Thursday, 15 April 2010

A Dish of Dainties for the Devil


A godly father sitting on a draught,
To do as need and nature hath us taught,
Mumbled (as was his manner) certain prayers,
And unto him the Devil straight repairs,
And boldly to revile him he begins,
Alleging that such prayers are deadly sins;
And that it showed he was devoid of grace,
To speak to God from so unmeet a place.
The reverent man, though at first dismayed,
Yet strong in faith, to Satan thus he said:
"Thou damned spirit, wicked, false and lying,
Despairing thine own good, and ours envying:
Each take his due, and me thou canst not hurt,
To God my prayer I meant, to thee the dirt.
Pure prayer ascends to him that high doth sit,
Down falls the filth, for fiends of hell more fit."

Sir John Harington, A New Discourse of a Stale Subject, Called the Metamorphosis of Ajax (London, 1596), Ed. Elizabeth Story Donno (London, 1974), p. 94 [spelling and punctuation modernised]

Friday, 9 April 2010

A streame of brimstone


That then there is damnation, and why it is, and when it is, is cleare enough; but what this damnation is, neither the tongue of good Angels that know damnation by the contrary, by fruition of salvation, nor the tongue of bad Angels who know damnation by a lamentable experience, is able to expresse it; A man may saile so at sea, as that he shall have laid the North Pole flat, that shall be fallen out of sight, and yet he shall not have raised the South Pole, he shall not see that; So there are things, in which a man may goe beyond his reason, and yet not meet with faith neither: of such a kinde are those things which concerne the locality of hell, and the materiality of the torments thereof; for that hell is a certaine and limited place, beginning here and ending there, and extending no farther, or that the torments of hell be materiall, or elementary torments, which in naturall consideration can have no proportion, no affection, nor appliablenesse to the tormenting of a sprit, these things neither settle my reason, nor binde my faith; neither opinion, that it is, or is not so, doth command our reason so, but that probable reasons may be brought on the other side; neither opinion doth so command our faith, but that a man may be saved, though hee thinke the contrary; for in such points, it is alwaies lawfull to thinke so, as we finde does most advance and exalt our owne devotion, and Gods glory in our estimation; but when we shall have given to those words, by which hell is expressed in the Scriptures, the heaviest significations, that either the nature of those words can admit, or as they are types and representations of hell, as fire, and brimstone, and weeping, and gnashing, and darknesse, and the worme, and as they are laid together in the Prophet, Tophet, (that is, hell) is deepe and large, (there is the capacity and content, roome enough) It is a pile of fire and much wood, (there is the durablenesse of it) and the breath of the Lord to kindle it, like a streame of Brimstone, (there is the vehemence of it:) when all is done, the hell of hels, the torment of torments is the everlasting absence of God, and the everlasting impossibility of returning to his presence.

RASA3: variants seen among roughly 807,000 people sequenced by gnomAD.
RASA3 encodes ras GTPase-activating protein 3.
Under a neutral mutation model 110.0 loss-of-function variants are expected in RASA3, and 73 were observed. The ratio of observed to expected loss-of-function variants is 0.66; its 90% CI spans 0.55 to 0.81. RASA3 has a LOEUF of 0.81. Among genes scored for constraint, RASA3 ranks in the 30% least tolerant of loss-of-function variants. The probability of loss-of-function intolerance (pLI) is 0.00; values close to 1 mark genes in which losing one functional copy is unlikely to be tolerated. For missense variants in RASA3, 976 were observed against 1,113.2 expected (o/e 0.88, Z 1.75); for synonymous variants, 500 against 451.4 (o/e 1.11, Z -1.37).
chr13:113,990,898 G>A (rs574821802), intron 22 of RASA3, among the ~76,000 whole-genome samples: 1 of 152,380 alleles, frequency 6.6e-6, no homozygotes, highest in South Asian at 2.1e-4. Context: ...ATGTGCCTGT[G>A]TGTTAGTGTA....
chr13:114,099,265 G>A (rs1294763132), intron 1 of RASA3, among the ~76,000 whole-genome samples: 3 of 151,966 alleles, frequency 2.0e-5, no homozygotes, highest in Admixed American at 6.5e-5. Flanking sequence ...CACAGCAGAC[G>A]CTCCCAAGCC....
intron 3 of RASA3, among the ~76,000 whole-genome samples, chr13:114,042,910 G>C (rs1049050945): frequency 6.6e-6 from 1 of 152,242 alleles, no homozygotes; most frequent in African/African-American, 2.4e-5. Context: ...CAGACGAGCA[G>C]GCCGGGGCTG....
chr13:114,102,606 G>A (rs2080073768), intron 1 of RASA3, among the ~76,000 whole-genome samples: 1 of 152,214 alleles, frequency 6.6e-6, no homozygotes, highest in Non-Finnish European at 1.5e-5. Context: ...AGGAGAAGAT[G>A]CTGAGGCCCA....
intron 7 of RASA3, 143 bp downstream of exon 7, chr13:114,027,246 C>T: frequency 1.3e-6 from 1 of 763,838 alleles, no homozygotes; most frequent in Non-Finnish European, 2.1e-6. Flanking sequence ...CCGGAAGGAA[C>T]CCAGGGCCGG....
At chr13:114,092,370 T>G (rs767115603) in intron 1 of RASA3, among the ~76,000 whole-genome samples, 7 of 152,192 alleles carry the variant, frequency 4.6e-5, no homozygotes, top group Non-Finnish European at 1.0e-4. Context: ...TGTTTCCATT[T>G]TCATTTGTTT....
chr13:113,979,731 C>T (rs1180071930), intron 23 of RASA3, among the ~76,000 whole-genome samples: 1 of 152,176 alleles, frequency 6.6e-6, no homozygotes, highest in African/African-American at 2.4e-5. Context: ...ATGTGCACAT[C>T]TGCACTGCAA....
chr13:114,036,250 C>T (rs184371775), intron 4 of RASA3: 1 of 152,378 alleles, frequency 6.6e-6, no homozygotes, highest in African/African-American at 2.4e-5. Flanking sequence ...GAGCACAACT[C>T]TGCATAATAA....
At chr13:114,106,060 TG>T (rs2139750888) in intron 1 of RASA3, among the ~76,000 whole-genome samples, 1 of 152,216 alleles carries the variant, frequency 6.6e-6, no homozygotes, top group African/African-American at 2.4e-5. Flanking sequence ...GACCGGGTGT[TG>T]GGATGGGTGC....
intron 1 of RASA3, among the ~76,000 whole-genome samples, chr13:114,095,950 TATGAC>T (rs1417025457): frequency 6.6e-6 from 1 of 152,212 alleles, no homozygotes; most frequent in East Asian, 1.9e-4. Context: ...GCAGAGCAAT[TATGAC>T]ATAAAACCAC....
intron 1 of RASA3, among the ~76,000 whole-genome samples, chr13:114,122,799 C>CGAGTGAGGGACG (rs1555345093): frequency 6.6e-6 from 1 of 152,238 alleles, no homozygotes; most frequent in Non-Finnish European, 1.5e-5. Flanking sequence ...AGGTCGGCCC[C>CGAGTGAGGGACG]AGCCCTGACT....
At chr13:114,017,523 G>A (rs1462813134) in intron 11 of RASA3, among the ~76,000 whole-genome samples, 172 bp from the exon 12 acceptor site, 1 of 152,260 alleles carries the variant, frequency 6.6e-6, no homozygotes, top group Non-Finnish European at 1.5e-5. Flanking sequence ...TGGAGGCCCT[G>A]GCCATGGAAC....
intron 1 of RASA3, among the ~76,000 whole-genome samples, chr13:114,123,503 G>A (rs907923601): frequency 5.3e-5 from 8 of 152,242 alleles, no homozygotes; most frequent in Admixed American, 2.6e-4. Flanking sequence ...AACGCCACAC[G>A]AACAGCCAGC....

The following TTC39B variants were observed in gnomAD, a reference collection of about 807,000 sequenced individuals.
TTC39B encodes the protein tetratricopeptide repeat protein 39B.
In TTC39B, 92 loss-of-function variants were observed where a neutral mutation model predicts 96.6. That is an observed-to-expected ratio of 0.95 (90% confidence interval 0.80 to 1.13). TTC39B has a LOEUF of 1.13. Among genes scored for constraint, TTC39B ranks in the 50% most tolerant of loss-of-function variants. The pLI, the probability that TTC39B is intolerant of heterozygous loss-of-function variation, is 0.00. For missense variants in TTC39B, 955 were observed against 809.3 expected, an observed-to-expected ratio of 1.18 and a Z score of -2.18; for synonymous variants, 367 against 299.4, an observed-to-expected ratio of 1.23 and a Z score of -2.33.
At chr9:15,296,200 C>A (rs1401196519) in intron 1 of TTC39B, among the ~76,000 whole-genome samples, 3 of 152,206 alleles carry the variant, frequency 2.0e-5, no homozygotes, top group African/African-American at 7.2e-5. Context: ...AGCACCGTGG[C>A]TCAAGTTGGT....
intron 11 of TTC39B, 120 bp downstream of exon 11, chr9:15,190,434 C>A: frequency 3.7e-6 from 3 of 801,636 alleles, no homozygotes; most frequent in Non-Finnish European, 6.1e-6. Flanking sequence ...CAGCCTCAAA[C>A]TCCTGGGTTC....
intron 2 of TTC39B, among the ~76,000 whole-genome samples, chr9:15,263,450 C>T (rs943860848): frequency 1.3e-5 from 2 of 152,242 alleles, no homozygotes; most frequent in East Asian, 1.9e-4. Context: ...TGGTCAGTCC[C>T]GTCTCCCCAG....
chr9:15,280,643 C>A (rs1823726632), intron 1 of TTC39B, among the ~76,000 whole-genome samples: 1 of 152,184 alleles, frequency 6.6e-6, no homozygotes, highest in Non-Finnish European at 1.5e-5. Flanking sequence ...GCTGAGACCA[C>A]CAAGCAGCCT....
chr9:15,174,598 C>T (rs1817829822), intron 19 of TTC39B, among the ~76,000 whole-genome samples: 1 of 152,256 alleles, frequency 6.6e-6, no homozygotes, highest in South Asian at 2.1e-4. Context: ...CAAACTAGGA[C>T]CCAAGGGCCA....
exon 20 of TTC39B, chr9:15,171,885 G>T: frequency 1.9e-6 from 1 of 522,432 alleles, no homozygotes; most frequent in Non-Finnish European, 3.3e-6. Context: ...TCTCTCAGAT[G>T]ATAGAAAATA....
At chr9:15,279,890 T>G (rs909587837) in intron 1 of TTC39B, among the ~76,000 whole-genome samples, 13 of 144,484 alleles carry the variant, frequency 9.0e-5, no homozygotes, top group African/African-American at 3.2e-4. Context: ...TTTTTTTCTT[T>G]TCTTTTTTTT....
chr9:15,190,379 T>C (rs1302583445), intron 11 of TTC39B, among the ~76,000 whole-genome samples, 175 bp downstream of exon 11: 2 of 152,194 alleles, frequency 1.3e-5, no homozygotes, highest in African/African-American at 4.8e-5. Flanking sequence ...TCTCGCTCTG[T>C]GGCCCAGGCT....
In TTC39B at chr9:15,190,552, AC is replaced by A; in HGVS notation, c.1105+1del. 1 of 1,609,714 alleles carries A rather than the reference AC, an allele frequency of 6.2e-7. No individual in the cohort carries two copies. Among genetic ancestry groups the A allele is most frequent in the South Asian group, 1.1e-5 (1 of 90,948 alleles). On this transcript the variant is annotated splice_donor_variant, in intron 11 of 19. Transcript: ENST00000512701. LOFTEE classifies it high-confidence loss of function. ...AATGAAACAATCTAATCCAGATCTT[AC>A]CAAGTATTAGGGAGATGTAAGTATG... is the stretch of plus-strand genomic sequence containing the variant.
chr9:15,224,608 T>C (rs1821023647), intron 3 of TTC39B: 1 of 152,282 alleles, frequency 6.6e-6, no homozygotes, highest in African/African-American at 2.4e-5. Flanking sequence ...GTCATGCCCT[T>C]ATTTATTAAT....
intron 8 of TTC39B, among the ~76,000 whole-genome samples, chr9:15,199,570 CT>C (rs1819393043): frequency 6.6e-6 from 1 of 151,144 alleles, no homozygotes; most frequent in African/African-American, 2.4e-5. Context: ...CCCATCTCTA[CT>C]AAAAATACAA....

John Donne, sermon Preached to the Earle of Carlile and his company, at Sion [? 1622], Mark 16:16 "He that beleeveth not, shall be damned"


Fresco in the porch of the Church of St. Nicholas - Udricani (1735), Bucharest